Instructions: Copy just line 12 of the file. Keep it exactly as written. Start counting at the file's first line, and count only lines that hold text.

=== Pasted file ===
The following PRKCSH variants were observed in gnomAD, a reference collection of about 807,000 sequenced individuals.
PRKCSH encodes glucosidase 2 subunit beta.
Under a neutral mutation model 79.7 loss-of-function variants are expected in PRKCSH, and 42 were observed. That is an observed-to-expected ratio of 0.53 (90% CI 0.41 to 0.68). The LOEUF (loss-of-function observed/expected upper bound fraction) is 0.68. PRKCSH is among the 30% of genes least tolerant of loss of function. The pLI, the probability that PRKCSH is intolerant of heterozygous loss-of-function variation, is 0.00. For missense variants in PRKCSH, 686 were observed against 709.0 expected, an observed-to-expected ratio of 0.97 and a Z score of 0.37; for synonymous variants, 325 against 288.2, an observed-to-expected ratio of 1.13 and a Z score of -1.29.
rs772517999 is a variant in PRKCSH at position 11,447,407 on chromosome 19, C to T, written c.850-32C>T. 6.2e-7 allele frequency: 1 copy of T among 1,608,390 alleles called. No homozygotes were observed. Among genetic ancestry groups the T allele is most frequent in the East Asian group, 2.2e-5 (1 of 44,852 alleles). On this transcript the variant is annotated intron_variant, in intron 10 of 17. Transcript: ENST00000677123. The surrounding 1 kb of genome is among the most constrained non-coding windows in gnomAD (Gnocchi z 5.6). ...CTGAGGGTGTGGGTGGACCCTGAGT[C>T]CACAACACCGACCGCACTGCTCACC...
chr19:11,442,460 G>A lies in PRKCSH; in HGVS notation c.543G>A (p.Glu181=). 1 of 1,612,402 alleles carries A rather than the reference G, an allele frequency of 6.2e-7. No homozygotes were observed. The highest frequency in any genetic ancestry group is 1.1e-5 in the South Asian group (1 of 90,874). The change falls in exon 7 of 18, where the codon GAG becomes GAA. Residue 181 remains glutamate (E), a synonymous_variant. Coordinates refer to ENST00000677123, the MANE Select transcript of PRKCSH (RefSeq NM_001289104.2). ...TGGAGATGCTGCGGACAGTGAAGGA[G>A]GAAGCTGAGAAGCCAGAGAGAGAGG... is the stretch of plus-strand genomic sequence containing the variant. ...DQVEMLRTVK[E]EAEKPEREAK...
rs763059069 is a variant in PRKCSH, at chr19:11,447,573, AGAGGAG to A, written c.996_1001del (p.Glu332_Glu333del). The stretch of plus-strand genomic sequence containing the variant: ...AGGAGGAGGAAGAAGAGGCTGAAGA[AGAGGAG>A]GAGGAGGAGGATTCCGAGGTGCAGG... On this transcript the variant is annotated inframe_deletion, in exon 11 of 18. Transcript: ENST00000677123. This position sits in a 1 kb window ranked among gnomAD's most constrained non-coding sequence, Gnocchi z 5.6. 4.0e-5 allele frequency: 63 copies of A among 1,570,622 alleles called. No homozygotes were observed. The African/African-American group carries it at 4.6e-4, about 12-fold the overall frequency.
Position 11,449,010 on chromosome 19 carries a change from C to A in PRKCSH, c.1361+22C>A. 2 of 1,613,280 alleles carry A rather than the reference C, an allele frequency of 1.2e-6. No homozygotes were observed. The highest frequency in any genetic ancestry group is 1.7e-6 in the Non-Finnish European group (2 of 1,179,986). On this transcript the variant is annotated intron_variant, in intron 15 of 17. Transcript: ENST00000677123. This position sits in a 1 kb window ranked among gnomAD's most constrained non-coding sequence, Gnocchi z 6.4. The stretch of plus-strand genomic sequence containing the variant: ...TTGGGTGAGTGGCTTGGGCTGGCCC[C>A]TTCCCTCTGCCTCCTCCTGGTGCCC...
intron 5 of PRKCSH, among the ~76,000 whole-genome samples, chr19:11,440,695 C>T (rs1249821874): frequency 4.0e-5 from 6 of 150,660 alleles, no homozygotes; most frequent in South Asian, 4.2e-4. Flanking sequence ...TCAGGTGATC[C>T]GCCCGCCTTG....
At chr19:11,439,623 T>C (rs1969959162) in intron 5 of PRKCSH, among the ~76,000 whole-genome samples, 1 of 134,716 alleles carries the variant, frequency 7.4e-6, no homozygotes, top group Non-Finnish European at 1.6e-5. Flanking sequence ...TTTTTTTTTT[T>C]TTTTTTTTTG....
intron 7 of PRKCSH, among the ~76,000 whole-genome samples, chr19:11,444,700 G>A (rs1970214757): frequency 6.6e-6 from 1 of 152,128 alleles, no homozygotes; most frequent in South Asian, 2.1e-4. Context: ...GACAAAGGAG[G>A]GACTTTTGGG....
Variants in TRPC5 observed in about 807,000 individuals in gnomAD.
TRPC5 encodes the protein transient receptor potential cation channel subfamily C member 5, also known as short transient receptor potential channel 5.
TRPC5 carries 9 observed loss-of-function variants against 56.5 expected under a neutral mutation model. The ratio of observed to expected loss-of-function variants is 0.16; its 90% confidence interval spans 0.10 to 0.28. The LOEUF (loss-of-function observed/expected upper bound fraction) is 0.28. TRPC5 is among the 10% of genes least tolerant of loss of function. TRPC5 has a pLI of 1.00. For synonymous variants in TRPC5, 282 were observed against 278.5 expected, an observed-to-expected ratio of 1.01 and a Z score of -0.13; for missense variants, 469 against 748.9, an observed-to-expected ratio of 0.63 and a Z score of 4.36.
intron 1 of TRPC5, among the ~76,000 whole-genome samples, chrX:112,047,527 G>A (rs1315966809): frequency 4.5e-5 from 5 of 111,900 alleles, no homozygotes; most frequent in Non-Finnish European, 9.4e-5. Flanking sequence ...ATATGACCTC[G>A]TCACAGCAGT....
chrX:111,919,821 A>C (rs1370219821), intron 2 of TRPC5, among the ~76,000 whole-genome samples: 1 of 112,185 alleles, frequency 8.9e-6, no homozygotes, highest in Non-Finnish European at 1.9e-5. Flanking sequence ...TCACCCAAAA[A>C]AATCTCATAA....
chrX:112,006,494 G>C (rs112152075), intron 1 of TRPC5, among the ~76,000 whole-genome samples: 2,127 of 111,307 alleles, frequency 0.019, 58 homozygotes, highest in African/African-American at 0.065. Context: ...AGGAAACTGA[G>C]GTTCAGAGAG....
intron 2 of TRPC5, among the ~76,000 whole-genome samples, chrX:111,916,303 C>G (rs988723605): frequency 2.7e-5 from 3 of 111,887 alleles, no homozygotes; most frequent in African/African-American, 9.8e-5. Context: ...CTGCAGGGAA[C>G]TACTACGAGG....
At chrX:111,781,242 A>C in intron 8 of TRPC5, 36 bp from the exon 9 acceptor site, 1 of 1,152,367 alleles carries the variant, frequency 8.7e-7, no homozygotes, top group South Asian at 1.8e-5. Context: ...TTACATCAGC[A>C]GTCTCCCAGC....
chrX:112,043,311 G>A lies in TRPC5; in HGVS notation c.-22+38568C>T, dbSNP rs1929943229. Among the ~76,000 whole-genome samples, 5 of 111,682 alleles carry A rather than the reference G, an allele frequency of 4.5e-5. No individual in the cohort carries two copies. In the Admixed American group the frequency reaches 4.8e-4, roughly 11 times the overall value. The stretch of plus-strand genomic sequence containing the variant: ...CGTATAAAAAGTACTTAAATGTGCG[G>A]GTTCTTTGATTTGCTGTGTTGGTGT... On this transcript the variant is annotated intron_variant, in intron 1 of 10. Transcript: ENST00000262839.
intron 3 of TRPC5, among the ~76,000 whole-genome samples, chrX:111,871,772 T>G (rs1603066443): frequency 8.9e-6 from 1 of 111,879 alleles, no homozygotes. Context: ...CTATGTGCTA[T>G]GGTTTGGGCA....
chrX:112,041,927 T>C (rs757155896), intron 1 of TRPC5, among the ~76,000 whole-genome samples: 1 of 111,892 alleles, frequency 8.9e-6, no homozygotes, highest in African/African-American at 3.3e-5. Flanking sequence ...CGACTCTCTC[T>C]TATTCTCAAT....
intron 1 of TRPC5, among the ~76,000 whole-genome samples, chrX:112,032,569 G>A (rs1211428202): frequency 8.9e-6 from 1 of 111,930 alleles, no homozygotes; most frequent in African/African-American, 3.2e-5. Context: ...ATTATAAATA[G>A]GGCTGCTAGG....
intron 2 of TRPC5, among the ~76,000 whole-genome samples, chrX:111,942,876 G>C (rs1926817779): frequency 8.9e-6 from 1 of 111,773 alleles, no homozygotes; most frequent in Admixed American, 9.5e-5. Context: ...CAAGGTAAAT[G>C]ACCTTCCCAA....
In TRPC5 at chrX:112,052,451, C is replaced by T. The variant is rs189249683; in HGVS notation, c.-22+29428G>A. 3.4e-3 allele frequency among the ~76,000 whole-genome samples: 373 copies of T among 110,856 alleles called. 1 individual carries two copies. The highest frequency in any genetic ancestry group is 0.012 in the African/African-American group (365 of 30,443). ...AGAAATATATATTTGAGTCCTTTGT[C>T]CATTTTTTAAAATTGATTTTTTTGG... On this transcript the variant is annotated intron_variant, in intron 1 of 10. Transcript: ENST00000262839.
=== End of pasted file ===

TRPC5 encodes the protein transient receptor potential cation channel subfamily C member 5, also known as short transient receptor potential channel 5.